UN / LIBYA

08-Nov-2018 00:03:08
UN Special Representative for Libya Ghassan Salamé said the country was caught in a “futile and destructive cycle, fuelled by personal ambitions and the nation’s stolen wealth” and is fast becoming “the tragedy of the lost opportunity.” UNIFEED
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STORY: UN / LIBYA
TRT: 3:08
SOURCE: UNIFEED
RESTRICTIONS: NONE
LANGUAGE: ARABIC / ENGLISH / NATS

DATELINE: 08 NOVEMBER 2018, NEW YORK CITY
SHOTLIST
FILE - NEW YORK CITY

1. Wide shot, UNHQ exterior

08 NOVEMBER 2018, NEW YORK CITY

2. Wide shot, Security Council
3. SOUNDBITE (English) Ghassan Salamé, Special Representative of the Secretary-General and Head of the United Nations Support Mission in Libya:
“There is a fragile but palpable sense of improvement across the capital. The concept we have been working on is clear and balanced. While armed groups from outside the city should not attempt to invade it again, armed groups operating within the city must stop using their position to penetrate, intimidate or control the sovereign institutions. Looking forward, the city should be protected by disciplined, regular police forces.”
4. Wide shot, Security Council
5. SOUNDBITE (English) Ghassan Salamé, Special Representative of the Secretary-General and Head of the United Nations Support Mission in Libya:
“The Libyan people, the UN and the international community have given every opportunity for the House of Representatives to act in the best interests of the country. But the House has failed to uphold its responsibilities. Months after a binding commitment to produce the legislation required to hold a referendum on the Constitutional proposal and Presidential and parliamentary elections, nothing has been seen. It is now clear that the postponed sessions and contradictory public statements were simply intended to waste time. The body calling itself Libya’s sole legislature is largely sterile.”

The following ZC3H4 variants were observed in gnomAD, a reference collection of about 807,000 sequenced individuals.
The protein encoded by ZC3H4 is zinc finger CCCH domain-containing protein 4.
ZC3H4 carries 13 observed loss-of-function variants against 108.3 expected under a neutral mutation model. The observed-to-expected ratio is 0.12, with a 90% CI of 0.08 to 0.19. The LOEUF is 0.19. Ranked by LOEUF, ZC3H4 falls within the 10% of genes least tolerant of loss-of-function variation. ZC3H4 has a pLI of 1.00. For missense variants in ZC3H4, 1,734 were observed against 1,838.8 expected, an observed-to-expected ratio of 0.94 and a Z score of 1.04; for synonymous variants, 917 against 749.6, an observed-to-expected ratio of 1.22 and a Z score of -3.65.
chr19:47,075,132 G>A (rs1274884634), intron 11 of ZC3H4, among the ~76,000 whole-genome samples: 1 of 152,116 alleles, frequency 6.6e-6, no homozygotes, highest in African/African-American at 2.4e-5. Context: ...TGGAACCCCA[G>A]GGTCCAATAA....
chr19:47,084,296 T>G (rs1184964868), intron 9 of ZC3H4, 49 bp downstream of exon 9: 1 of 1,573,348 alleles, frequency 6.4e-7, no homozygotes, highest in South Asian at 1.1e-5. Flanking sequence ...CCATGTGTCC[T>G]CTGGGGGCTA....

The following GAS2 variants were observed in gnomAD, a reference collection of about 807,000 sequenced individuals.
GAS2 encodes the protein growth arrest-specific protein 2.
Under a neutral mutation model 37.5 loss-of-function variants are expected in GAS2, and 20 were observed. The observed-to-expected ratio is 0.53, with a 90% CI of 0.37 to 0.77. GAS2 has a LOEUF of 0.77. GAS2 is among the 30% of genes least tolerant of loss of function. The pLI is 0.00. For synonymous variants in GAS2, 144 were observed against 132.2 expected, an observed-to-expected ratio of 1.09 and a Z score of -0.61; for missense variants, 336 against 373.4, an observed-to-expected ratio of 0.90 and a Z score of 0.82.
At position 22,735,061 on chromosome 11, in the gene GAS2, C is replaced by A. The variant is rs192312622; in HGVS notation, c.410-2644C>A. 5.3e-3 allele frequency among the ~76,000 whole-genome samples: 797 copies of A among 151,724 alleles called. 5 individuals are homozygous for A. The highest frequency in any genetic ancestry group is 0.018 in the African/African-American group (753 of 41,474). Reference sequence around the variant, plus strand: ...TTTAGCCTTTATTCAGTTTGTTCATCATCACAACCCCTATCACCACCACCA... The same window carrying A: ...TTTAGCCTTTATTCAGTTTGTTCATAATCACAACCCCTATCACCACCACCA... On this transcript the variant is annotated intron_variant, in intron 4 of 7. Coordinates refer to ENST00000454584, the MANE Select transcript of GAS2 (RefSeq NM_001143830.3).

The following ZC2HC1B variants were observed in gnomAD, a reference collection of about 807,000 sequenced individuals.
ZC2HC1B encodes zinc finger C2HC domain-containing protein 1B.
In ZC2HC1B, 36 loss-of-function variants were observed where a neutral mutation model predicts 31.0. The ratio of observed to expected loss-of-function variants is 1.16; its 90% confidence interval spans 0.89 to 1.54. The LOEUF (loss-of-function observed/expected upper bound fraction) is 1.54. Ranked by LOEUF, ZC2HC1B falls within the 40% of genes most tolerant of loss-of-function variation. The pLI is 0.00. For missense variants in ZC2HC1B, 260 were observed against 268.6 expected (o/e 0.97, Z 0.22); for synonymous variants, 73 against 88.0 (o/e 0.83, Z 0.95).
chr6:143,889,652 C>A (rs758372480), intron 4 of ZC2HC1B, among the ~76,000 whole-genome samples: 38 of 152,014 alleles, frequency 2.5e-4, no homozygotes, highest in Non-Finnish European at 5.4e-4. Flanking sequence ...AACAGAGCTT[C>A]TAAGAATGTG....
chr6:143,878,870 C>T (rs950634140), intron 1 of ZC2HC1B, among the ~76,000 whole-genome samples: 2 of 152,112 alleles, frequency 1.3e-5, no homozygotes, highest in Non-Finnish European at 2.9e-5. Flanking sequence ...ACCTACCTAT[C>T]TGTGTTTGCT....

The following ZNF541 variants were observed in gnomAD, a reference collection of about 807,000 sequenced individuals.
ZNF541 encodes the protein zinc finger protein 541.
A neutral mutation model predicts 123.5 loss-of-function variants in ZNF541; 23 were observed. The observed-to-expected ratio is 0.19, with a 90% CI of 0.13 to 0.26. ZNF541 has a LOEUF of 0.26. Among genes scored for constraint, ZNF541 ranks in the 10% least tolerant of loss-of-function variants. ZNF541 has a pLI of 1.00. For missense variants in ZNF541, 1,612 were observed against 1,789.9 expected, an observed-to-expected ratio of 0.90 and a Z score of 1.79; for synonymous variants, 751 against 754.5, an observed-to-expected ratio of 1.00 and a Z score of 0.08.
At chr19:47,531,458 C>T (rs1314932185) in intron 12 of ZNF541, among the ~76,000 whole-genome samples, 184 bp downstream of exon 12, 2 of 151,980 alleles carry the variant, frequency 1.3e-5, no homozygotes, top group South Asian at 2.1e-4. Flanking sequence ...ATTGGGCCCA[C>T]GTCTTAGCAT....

6. Wide shot, Security Council
7. SOUNDBITE (English) Ghassan Salamé, Special Representative of the Secretary-General and Head of the United Nations Support Mission in Libya:
“Countless Libyans are sick and tired of military adventurism and petty political manoeuvres. The time has come to give a wider and more representative group of Libyans the opportunity to meet on Libyan soil, with no external interference, in order to devise a clean path out of the present impasse, reinforced by a clear timetable. They want to move forward with the National Conference, and I agree, this is the way forward.”
8. Wide shot, Security Council
9. SOUNDBITE (English) Ghassan Salamé, Special Representative of the Secretary-General and Head of the United Nations Support Mission in Libya:
“Libya is caught is a futile and destructive cycle, fuelled by personal ambitions and the nation’s stolen wealth. While it is a country endowed with great means in human and material terms it is fast becoming the tragedy of the lost opportunity.”
10. Wide shot, Security Council
11. SOUNDBITE (Arabic) Elmahdi S. Elmajerbi, Permanent Representative of Libya to the United Nations:
“The Security Council must make a distinction between the political parties and the armed groups as the majority of them do not actually belong to any political movement; rather their illegal actions cannot in fact be categorized as anything but criminal. They cannot be considered part of the political conflicts. New initiatives must include aid to the Libyan State to dismantle these groups and incorporate them into the armed and security forces in a way which is far from personal allegiances and whereby they follow orders from the State and its relevant establishments.”
12. Wide shot, Security Council
STORYLINE
UN Special Representative for Libya Ghassan Salamé said the country was caught in a “futile and destructive cycle, fuelled by personal ambitions and the nation’s stolen wealth” and is fast becoming “the tragedy of the lost opportunity.”